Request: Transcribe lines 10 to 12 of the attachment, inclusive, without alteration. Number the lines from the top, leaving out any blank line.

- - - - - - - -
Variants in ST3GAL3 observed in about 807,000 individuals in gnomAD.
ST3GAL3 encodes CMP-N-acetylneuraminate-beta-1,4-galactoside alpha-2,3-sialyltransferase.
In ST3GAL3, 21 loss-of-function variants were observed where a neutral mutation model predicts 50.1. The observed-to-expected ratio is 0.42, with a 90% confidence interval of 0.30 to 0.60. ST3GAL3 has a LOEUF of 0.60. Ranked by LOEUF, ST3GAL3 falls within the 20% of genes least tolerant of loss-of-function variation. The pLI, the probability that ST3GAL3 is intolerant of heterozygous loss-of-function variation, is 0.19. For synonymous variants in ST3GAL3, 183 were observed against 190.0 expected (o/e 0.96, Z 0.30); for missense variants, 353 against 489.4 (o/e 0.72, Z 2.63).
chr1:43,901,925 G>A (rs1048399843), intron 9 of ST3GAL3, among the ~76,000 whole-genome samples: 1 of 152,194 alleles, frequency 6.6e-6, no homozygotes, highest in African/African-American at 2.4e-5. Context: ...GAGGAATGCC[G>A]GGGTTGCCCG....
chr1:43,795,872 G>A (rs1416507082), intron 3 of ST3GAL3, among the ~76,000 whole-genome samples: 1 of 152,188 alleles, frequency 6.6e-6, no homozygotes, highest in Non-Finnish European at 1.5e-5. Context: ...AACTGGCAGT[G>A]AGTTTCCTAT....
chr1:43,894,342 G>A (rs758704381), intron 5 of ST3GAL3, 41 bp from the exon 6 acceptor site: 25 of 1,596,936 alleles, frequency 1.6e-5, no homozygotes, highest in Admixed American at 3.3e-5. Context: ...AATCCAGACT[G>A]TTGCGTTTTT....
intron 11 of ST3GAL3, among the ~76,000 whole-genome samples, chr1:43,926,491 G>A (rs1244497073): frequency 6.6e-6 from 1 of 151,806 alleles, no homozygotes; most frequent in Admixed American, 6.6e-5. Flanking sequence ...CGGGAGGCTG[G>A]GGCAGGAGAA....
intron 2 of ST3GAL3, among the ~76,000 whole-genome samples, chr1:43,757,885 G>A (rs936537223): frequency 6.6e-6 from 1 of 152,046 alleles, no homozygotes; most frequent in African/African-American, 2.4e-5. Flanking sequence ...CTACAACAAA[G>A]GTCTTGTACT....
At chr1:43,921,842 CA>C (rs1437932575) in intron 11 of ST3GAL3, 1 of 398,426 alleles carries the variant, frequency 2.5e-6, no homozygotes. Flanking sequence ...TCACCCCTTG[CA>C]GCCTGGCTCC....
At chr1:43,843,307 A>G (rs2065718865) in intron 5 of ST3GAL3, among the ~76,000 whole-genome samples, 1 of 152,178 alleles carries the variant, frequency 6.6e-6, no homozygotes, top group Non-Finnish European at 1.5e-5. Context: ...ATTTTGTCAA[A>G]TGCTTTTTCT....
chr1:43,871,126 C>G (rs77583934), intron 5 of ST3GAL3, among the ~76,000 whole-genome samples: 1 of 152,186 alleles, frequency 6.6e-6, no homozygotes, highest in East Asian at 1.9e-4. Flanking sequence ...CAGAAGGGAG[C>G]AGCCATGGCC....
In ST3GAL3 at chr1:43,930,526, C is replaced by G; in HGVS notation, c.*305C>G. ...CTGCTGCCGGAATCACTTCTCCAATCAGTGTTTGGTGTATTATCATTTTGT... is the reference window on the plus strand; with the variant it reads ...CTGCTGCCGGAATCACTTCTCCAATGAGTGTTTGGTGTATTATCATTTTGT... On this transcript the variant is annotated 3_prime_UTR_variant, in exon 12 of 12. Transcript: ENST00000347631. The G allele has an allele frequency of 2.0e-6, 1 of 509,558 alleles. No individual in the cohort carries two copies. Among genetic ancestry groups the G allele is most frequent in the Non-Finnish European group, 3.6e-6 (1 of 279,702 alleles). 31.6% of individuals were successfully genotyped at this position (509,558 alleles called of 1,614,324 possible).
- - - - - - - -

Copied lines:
At chr1:43,843,307 A>G (rs2065718865) in intron 5 of ST3GAL3, among the ~76,000 whole-genome samples, 1 of 152,178 alleles carries the variant, frequency 6.6e-6, no homozygotes, top group Non-Finnish European at 1.5e-5. Context: ...ATTTTGTCAA[A>G]TGCTTTTTCT....
chr1:43,871,126 C>G (rs77583934), intron 5 of ST3GAL3, among the ~76,000 whole-genome samples: 1 of 152,186 alleles, frequency 6.6e-6, no homozygotes, highest in East Asian at 1.9e-4. Flanking sequence ...CAGAAGGGAG[C>G]AGCCATGGCC....
In ST3GAL3 at chr1:43,930,526, C is replaced by G; in HGVS notation, c.*305C>G. ...CTGCTGCCGGAATCACTTCTCCAATCAGTGTTTGGTGTATTATCATTTTGT... is the reference window on the plus strand; with the variant it reads ...CTGCTGCCGGAATCACTTCTCCAATGAGTGTTTGGTGTATTATCATTTTGT... On this transcript the variant is annotated 3_prime_UTR_variant, in exon 12 of 12. Transcript: ENST00000347631. The G allele has an allele frequency of 2.0e-6, 1 of 509,558 alleles. No individual in the cohort carries two copies. Among genetic ancestry groups the G allele is most frequent in the Non-Finnish European group, 3.6e-6 (1 of 279,702 alleles). 31.6% of individuals were successfully genotyped at this position (509,558 alleles called of 1,614,324 possible).